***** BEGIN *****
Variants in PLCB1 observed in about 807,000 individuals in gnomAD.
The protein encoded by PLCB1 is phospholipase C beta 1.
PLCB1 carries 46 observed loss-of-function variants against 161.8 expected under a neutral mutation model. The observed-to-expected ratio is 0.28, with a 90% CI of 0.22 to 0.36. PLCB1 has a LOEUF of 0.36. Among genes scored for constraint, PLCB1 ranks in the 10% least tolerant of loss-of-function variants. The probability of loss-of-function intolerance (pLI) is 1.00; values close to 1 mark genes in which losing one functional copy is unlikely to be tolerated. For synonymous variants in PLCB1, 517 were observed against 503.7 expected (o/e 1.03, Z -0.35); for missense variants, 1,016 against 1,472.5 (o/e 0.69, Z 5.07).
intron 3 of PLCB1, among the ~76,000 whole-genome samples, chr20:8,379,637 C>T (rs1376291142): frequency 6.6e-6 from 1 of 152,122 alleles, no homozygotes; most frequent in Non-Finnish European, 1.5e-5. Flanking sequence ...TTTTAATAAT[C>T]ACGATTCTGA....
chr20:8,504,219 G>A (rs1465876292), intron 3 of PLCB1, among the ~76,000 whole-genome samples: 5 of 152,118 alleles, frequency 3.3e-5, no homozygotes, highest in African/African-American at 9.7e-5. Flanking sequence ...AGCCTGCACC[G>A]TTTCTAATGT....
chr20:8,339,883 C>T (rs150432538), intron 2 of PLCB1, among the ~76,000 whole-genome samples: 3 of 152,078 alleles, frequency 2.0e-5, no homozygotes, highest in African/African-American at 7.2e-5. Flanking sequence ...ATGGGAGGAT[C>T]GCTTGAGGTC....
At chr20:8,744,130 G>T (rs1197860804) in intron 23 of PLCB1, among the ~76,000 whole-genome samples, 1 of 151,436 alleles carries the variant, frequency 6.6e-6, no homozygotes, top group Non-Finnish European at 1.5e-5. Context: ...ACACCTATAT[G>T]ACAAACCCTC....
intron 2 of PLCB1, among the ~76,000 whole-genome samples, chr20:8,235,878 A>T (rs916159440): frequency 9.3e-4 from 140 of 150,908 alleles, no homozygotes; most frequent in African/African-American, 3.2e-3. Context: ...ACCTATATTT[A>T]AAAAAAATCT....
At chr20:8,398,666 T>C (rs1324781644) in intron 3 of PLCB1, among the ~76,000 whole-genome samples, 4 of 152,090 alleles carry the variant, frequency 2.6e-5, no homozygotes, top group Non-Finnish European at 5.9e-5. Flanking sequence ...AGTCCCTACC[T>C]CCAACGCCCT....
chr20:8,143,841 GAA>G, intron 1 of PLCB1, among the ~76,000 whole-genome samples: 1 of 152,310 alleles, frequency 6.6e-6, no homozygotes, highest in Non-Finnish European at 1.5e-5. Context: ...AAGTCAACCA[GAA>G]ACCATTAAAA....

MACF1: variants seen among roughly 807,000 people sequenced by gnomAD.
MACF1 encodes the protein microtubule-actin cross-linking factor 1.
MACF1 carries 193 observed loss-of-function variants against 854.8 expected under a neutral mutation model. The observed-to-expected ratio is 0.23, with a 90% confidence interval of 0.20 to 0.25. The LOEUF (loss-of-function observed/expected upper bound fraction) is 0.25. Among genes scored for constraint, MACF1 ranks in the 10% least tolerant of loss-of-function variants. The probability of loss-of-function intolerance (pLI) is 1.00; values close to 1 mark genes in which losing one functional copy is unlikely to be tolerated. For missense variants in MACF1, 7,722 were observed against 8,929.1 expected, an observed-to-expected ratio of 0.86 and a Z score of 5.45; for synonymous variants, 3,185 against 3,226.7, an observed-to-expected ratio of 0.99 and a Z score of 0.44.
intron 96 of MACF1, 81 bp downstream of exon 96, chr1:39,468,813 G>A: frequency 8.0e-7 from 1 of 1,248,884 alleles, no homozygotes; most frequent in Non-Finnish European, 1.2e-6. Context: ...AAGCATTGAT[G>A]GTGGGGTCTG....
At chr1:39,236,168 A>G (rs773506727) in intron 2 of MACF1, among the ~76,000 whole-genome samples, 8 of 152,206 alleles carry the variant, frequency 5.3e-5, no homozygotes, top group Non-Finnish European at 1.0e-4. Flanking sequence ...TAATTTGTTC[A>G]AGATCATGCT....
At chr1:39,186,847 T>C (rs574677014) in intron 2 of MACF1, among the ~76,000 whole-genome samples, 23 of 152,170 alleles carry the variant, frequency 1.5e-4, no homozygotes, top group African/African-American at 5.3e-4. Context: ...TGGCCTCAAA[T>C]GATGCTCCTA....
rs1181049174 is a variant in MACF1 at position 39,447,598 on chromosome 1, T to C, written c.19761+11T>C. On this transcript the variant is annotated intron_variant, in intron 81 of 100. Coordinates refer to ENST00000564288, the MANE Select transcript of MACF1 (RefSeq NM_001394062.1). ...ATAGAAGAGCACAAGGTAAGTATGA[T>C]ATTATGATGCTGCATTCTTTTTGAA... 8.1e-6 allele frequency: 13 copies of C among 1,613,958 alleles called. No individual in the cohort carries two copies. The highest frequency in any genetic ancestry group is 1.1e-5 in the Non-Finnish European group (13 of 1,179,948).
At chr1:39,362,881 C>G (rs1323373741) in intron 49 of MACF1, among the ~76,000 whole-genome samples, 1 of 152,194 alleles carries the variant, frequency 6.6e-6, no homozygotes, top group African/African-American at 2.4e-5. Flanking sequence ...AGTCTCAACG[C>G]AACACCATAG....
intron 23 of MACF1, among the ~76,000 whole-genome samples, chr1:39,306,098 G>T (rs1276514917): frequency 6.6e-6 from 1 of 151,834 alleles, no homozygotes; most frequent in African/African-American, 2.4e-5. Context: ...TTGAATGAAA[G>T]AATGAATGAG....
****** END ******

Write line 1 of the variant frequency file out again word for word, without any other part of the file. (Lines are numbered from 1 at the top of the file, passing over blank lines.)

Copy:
Variants in PLCB1 observed in about 807,000 individuals in gnomAD.